Timothy Teoh (centre, in white) leading a tech workshop several years ago.
Timothy Teoh (centre, in white) leading a tech workshop several years ago.

MOST millennials invest in exchange traded funds (ETFs) and cryptocurrencies while their parents had invested in bonds, shares and real estate.

Have you wondered how a tech whiz would invest to grow his wealth?

Timothy Teoh is the interview-shy tech guy who was instrumental in building and designing successful platforms such as #pulangmengundi, #kitajagakita and Nuffnang, to name a few.

He co-founded pulangmengundi.com in 2018 as an initiative to help Malaysians get home to vote in the 14th General Elections. The initiative made it easy for those who needed to crowdfund for their plane and bus tickets, or carpool to get home.

Kitajagakita.com was another social movement that he co-founded last year at the start of the Covid-19 pandemic to help the underprivileged who found themselves in need of food aid or other assistance.

In fact, Teoh started off his career with Nuffnang, which was founded in 2007, as its technical director and initial web developer.

While some people may find the tech sector challenging as it is constantly evolving, Teoh said he was always eager to "sharpen his saw" and stay in the forefront of web development.

This can be seen during the country's AstraZeneca first opt-in registration exercise fiasco in May, when the public crashed the server of the government portal vaksincovid.gov.my.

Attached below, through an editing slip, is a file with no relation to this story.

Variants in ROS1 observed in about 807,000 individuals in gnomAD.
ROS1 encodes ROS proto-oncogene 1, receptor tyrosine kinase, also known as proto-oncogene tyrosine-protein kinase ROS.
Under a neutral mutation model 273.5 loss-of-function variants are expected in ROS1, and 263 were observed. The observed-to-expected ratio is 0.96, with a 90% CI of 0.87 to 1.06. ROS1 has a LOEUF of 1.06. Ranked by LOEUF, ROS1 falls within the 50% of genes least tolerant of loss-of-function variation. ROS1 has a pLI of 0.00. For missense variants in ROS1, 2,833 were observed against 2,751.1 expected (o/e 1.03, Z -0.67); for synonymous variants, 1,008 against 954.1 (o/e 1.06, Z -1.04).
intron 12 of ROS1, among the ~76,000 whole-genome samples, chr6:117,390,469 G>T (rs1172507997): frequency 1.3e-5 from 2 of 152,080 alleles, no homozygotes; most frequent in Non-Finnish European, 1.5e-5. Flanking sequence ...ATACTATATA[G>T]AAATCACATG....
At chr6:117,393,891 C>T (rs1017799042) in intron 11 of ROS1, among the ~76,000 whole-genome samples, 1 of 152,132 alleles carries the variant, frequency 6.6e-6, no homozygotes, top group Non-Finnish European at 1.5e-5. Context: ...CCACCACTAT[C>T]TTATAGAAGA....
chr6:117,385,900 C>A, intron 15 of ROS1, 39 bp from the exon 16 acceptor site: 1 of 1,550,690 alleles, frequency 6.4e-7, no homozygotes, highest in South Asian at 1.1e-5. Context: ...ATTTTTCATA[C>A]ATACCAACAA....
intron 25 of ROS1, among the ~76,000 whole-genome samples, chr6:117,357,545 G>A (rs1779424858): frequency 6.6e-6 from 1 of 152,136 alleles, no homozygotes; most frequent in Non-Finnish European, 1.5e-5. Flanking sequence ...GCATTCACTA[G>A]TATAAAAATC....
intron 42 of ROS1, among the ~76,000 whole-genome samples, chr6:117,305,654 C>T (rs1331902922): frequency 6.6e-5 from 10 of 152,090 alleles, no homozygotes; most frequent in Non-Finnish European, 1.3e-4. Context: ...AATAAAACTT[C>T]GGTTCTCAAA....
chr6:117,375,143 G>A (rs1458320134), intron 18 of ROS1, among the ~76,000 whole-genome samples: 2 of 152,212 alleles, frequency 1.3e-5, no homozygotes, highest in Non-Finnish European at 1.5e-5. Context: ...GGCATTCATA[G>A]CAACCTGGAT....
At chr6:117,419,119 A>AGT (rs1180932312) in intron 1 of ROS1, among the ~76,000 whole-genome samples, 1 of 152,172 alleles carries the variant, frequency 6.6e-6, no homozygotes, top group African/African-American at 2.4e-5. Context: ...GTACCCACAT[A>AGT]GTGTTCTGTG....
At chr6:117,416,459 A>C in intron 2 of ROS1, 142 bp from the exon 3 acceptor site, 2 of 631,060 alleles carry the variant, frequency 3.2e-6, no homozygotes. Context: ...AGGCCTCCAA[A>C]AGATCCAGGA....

Teoh's blog post dissecting the issue caught media attention and went viral.

"When I started my career, Amazon, Facebook and Google were not as dominant as they were today. The bar was lower for smaller players, both in terms of technological standards and finding a business model."

You would expect a techie to say there is a key to unlocking limitless wealth. On the contrary, Teoh does not believe in infinite prosperity and abundance.

"A person who has made US$10 million should get a medal for winning the game of capitalism and stop there. The world doesn't need billionaires and we should all be concerned about the impact of inequality."

He believes in diversification and that is why his portfolio comprises domestic stocks as well as passive investment.

He parks the bulk of his money in a robo-advisory wealth management platform.

When he can find the time, he invests in the stock market on his own.

"Active investing is interesting and there is a lot to learn about the companies around you. Sometimes during conversations, local brands or products would come up and I find myself recalling trivia about the inner workings of these companies.

"There's no easy solution or shortcut to doing well in the stock market as investing takes time and effort. Be it stocks, ETFs, or cryptocurrency, you need to do your homework. Don't depend on luck or follow the crowd.

"Beginner investors tend to focus on big, risky 'wins' or past performances. I have learnt it's just as important to make sure compounding works in your favour, not against.

"As for cryptocurrencies, as a believer of fundamental investing, I do echo some of the concerns. It is not like equities, which may have dividend yield that acts as a natural 'floor'. It is more like a digital commodity with exciting — but as yet unknown — potential for mainstream adoption.

"While valuations may be uncertain, the principles are the same as investing in any company: only put in your hard-earned money if you can describe exactly what it does, why you are buying at a certain price, and what would cause you to sell," Teoh added.

The writer was a journalist with The New Straits Times before joining a Fortune Global 500 real estate company. This article is a collaboration between the New Straits Times and Tradeview, the author of 'Once Upon A Time In Bursa'.